Smart Manufacturing is the information-driven, event-driven, efficient and collaborative orchestration of business, physical and digital processes within plants, factories, and across the entire value chain. ​

In Smart Manufacturing, resources and processes are integrated, monitored, and continuously evaluated with the sensing, information, process modeling, predictive analytics, and workflow needed to automate routine actions, and prescribe action for non-routine situations. ​

In Smart Manufacturing, organizations, people, and technology work in synergy via processes and technology-based solutions that are secure​, scalable​, flat and real-time​, open and interoperable​, proactive and semi-autonomous​, orchestrated and resilient​, and sustainable​.

Smart Manufacturing is transformational, radically impacting the performance of the manufacturing ecosystem through measurable improvements in areas such as: speed, agility, quality, throughput, costs/profitability, safety, asset reliability and energy productivity. ​ Consequently, improving profitability which in turn accelerates investments in innovation.

 

Smart Manufacturing Vocabulary

Of Tooling U-SME’s over 500 online classes, more than 50 are categorized within the Smart Manufacturing Functional Area, with more being added quarterly. Within our current classes, we have defined thousands of vocabulary terms dealing with additive, robotics, and the Internet of Things.

Do you think you know Smart Manufacturing? Below are 50 common Smart Manufacturing terms. How many are new to you?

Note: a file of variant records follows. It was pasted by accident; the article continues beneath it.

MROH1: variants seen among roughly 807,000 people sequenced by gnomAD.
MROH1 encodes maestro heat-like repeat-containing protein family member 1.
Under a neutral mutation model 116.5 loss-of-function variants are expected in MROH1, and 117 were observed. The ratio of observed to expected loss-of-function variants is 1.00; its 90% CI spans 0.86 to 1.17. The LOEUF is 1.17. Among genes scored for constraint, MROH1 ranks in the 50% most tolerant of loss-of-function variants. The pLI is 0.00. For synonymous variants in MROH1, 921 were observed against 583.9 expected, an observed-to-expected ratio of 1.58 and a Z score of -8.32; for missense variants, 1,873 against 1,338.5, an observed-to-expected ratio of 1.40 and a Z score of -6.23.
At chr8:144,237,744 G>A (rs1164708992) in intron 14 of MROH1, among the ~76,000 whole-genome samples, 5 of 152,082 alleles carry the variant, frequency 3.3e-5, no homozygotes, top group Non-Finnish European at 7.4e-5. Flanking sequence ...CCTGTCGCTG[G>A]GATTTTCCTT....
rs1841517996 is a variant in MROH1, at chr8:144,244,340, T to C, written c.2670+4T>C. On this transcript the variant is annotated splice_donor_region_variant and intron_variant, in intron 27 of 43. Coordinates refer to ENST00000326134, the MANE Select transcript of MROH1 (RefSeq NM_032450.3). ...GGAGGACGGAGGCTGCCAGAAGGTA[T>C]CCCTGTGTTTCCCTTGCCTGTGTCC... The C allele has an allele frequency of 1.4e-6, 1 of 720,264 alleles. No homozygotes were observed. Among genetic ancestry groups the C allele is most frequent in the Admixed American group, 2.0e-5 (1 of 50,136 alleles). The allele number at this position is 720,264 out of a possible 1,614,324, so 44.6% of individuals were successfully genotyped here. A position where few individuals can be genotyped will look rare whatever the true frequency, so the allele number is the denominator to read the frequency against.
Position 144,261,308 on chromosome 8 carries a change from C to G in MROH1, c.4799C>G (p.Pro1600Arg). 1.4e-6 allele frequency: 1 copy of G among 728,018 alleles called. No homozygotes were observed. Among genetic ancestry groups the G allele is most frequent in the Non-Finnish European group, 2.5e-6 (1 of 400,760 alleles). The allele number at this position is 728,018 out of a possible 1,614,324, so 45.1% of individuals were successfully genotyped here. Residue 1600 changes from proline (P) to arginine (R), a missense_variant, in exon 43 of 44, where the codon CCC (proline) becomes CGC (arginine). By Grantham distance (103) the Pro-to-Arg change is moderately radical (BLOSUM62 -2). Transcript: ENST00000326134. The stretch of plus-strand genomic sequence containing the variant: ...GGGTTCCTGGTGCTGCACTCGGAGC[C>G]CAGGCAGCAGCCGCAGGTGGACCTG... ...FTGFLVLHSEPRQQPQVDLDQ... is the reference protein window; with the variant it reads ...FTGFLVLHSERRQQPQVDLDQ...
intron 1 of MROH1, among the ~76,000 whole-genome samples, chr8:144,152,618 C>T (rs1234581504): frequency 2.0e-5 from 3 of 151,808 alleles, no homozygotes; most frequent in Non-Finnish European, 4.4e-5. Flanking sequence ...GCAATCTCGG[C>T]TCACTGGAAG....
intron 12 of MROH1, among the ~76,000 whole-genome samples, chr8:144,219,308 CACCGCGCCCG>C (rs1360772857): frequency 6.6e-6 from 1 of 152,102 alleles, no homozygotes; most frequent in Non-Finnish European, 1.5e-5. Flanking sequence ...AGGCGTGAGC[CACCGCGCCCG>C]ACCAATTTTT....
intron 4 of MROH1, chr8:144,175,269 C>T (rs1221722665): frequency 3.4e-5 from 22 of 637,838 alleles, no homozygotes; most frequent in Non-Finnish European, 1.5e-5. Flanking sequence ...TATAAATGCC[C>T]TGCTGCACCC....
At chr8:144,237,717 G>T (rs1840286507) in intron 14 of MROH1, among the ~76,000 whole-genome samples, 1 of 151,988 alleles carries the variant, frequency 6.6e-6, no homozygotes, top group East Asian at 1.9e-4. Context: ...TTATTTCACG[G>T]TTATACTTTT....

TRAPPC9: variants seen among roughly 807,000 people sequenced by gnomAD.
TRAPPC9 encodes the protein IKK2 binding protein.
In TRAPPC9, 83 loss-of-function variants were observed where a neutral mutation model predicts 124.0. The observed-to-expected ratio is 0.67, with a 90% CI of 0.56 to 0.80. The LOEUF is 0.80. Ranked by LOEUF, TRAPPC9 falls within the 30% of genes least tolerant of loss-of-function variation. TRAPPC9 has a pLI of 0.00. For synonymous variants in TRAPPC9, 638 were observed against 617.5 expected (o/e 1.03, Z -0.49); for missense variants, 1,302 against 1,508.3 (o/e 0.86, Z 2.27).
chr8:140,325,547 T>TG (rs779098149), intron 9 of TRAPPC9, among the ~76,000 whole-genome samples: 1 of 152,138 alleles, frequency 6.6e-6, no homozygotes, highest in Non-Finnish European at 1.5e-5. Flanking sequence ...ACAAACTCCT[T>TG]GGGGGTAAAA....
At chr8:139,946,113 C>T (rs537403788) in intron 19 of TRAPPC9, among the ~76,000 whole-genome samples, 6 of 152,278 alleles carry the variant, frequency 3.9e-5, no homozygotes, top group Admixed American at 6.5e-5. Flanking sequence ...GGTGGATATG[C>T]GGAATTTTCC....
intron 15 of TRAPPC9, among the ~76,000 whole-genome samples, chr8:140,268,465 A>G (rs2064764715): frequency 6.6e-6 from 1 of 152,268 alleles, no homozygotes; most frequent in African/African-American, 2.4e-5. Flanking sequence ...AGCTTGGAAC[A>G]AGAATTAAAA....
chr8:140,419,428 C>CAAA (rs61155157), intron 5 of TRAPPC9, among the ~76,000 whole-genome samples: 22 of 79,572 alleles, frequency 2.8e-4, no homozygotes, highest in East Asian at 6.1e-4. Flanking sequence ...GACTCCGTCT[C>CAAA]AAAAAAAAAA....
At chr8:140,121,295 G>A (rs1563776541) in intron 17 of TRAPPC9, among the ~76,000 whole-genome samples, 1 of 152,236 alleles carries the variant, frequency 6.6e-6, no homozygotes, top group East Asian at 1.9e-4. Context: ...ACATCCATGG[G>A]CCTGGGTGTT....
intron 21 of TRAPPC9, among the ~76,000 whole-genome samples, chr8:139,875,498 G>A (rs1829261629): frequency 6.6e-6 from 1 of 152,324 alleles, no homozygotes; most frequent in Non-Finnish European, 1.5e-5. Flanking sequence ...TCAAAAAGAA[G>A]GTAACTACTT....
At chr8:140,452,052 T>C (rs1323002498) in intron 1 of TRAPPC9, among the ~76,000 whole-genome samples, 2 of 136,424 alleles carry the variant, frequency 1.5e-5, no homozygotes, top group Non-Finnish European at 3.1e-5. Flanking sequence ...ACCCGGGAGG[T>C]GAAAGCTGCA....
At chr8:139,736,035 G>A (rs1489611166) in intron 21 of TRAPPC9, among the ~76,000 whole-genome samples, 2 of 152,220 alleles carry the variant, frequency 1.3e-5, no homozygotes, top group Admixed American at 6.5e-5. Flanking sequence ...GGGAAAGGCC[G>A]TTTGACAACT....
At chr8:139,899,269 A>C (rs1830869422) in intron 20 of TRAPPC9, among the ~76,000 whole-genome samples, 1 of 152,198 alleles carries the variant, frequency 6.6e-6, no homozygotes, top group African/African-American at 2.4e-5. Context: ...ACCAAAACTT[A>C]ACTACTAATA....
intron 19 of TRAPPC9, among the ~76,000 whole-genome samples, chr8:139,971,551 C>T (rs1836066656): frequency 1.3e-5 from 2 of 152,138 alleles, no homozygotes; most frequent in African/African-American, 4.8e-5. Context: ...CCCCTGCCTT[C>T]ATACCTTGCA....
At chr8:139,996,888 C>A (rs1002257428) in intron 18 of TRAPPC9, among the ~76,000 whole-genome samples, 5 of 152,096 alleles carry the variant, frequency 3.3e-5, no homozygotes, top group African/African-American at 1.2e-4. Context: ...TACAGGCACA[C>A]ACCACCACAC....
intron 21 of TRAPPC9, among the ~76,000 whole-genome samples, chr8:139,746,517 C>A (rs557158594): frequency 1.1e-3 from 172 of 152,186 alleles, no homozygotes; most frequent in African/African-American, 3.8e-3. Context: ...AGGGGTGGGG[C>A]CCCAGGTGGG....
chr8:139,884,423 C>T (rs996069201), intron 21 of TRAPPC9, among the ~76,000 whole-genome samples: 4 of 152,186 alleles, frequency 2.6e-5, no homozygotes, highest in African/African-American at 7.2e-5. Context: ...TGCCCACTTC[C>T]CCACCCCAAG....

Vocabulary Term Definition

3D printing

The process of producing a 3D object using a specialized tool that creates successive layers of material. 3D printing must technically involve the use of a print head or nozzle, but the term is often used interchangeably with additive manufacturing (AM).

activation function

A logical rule that determines how nodes in a neural network calculate inputs and produce outputs. Activation functions determine a neural network's level of complexity.

additive manufacturing

AM. The process of successively layering materials to make an object based on a three-dimensional (3D) computer model. Additive manufacturing allows for rapid prototyping, mass customization, and increased part complexity.

algorithms

A mathematical process designed to systematically solve a problem. Complex digital algorithms allow machine learning to predict and regulate operations.

augmented reality

AR. A technology that superimposes a computer-generated image on a view of the real world. Augmented reality methods maybe be used with smart safety goggles to visually alert the wearer to potential hazards.

Big Data

A valuable collection of information from the devices or assets in an operation. Big Data can be analyzed to reveal patterns and make calculations.

blockchain

A growing list of digital records, called blocks, that are linked. Blockchain technology is a decentralized, distributed ledger that records the origin of a digital asset.

capacitive proximity sensors

A proximity sensor that detects a target based on changes in an electrostatic field. Capacitive proximity sensors can detect targets made of any material with a higher dielectric constant than air.

coefficient of thermal expansion

The degree to which a material increases in size as temperatures increase. Coefficient of thermal expansion is an important material physical property.

collaborative robotics

A subset of robotics that focuses on enabling robots to work closely with human operators. Collaborative robotics is often a cost-effective alternative to traditional automation.

computer tomography

A scanning procedure that utilizes specialized X-ray equipment to generate detailed geometric information about an object. Computer tomography can be used to gather information about the internal features of a part as well as its external features.

computer-aided design

CAD. Computer software used to create a digital model of a part before it goes into prototyping or production. Computer-aided design models are converted to an STL format for use by additive manufacturing (AM) machines.

computer-aided manufacturing